Ryan Lunde | 26 February 2020
When I arrived at Emmanuel Faith two years ago, I thought
it was my responsibility to meet everyone’s expectations of me! It didn’t matter who it was or whether their expectations were right or wrong, just that they had them. So, I worked myself bone tired trying to entertain, amaze, support, counsel, connect, and impress nearly everyone I came across.
Paul talks about the “works of service” we are to do for God in Ephesians. I desperately wanted to serve, but I had made the unfortunate assumption that I was the main attraction and the one God called to do all the works of service for the church! I misunderstood myself to be the main player on the field.
A critical turning point came by accident. One Tuesday I had no time to prepare for a college men’s Bible Study for that night, so desperate and tired, I texted one of the men I trusted to lead in my place for the night. He agreed, and with relief and uncertainty, I went to the Bible study. The change in the group and the room was dynamic! Men were speaking up that hadn’t opened their mouths in the group before. They dove into Scripture with a new passion and began praying for real requests. My pride was hurt, but God began to whisper something in my ear that I thought I’d already learned: This isn’t about you!
Personal pride and ambition can cause me/us to make much of my/our calling. Jesus calls all of us to serve one another. The job of a church pastor, director, or staff member isn’t to be a rock star. We’re the music teacher, stage builder, audio technician, or the hype man. We support God’s people to shine in ministry. The reason for this is biblical: apostles, prophets, evangelists, pastors, and teachers aren’t meant to be admired and praised for their abilities. Rather, they’ve been called to serve the church so that the body is built up, elevated, and raised for the sake of “works of service.”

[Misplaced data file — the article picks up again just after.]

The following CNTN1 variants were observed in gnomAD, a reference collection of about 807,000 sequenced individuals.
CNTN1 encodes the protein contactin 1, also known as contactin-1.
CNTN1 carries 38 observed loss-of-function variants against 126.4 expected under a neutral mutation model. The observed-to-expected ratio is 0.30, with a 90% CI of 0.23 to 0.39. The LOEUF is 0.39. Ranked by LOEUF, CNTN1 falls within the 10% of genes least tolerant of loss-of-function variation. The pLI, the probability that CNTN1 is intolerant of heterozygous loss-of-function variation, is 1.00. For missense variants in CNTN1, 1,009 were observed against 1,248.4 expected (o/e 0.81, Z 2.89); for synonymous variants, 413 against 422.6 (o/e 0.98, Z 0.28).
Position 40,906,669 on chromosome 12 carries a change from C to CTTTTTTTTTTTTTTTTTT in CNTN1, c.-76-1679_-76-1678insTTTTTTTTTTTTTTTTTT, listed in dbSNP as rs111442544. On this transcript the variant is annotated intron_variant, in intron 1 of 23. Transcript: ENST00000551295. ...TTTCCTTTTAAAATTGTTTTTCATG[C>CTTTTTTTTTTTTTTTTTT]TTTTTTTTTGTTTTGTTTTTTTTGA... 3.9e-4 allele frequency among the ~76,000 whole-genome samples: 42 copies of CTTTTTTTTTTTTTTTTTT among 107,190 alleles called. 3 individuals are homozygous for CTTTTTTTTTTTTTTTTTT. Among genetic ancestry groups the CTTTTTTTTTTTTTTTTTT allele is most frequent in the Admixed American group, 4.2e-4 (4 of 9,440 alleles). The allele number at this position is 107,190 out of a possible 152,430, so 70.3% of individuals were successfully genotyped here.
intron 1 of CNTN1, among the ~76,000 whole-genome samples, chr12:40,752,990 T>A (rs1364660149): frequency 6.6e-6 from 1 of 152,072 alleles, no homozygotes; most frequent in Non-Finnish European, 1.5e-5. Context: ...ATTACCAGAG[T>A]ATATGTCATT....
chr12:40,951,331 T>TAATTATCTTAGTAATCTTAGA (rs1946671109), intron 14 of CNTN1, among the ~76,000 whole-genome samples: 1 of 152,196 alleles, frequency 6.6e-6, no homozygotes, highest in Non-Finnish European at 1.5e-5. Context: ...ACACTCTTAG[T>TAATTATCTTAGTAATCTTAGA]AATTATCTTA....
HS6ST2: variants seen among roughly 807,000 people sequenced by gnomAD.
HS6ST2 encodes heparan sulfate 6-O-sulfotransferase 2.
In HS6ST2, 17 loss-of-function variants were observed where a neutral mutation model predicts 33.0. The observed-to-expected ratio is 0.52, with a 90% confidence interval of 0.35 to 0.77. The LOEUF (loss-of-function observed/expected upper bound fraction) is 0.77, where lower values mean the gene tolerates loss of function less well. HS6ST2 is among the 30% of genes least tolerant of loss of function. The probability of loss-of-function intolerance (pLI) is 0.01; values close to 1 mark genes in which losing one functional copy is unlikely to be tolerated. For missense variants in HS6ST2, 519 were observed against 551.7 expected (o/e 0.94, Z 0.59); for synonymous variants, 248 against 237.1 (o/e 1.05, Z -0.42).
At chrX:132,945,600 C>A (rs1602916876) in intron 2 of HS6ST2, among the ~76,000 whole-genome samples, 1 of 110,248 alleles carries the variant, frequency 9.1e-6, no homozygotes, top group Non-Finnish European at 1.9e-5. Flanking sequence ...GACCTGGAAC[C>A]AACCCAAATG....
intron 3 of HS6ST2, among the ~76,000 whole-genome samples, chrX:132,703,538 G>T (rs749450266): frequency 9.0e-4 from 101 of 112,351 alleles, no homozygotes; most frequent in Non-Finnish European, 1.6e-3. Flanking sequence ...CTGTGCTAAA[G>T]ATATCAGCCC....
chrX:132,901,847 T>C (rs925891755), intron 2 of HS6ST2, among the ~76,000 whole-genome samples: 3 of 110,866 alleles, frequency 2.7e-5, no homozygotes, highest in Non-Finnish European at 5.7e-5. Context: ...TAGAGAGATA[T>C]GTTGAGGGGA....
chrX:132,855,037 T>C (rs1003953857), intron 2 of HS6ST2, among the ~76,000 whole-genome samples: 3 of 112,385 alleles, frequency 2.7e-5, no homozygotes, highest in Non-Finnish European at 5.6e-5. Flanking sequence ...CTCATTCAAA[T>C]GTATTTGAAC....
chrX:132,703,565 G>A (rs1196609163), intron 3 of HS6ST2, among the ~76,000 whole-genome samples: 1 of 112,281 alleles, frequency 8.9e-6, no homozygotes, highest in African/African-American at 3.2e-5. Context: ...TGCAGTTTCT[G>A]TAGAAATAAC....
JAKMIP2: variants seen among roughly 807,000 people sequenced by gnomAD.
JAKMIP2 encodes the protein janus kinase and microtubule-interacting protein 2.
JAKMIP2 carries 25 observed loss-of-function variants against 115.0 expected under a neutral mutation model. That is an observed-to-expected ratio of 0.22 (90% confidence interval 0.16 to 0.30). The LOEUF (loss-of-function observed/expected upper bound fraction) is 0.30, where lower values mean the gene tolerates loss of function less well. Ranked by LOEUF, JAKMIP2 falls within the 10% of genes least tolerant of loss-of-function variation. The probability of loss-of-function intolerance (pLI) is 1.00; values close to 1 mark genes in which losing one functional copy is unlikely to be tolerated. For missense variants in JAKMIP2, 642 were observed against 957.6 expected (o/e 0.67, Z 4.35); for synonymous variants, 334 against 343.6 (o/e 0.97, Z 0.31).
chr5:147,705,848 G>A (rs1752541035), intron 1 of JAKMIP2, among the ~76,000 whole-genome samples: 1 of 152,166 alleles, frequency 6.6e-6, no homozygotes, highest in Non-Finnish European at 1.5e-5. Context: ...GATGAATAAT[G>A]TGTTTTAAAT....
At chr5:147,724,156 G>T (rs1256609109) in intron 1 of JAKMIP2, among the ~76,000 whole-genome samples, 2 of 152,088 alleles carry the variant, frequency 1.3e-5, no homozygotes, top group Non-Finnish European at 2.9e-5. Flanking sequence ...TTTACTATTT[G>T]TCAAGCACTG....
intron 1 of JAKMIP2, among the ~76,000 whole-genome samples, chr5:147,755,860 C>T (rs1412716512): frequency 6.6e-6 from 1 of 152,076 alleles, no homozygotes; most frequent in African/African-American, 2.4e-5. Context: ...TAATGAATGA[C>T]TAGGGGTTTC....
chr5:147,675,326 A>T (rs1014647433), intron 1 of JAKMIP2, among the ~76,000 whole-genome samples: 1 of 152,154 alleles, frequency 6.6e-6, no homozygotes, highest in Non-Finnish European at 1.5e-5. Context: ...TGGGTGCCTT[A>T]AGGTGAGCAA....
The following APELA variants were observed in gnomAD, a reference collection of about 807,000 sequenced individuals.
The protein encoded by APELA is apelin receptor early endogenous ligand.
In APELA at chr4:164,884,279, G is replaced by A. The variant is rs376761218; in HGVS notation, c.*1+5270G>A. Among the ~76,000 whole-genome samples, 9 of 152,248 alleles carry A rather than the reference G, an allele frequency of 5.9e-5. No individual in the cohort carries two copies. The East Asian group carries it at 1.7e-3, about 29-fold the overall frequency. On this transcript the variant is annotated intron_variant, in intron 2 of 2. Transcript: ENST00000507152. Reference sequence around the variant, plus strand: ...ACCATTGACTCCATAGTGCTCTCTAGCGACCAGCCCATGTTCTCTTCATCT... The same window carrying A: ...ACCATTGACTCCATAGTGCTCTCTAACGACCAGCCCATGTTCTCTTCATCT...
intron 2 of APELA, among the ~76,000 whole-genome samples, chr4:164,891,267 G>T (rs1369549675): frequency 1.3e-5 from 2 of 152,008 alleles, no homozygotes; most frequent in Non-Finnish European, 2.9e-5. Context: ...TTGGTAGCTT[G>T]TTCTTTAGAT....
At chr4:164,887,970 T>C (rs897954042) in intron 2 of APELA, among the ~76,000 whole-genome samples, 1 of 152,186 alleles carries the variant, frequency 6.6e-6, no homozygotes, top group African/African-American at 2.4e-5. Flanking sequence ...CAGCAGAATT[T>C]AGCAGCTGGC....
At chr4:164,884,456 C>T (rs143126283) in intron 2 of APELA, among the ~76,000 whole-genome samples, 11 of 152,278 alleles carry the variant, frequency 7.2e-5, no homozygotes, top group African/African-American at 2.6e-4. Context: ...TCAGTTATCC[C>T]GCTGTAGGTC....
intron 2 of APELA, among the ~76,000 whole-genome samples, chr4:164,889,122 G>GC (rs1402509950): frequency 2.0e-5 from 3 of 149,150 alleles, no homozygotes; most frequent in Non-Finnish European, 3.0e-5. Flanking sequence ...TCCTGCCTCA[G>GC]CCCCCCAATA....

Realizing this at a practical level changed my approach to leadership and role as College Pastor. Eventually, I began to look for ways to put others on the stage and in the limelight. These moments were frustrating at times as I watched college students be themselves while my own desire for perfection demanded professionalism.
As the audience I’d been performing for began to realize they were not spectators but participators, a spiritual fire broke out in their hearts, I’m happy to say that fire is blazing hotter today than it was a couple months ago, and the flames rise higher with each opportunity to hand the stage and the mic away to a student called to lead.
In order to live this out in a new way, ask Jesus to provide opportunities for you to encourage others around you with how you see God using them. Hebrews 3:13 tells us to encourage each other daily, as long as it is called “today.” As Jason Wilson says, “I have seen discipline and admonishment fail, but I’ve never seen encouragement fail.” Pray Jesus gives you the opportunity to encourage someone around you.
Young Adults Pastor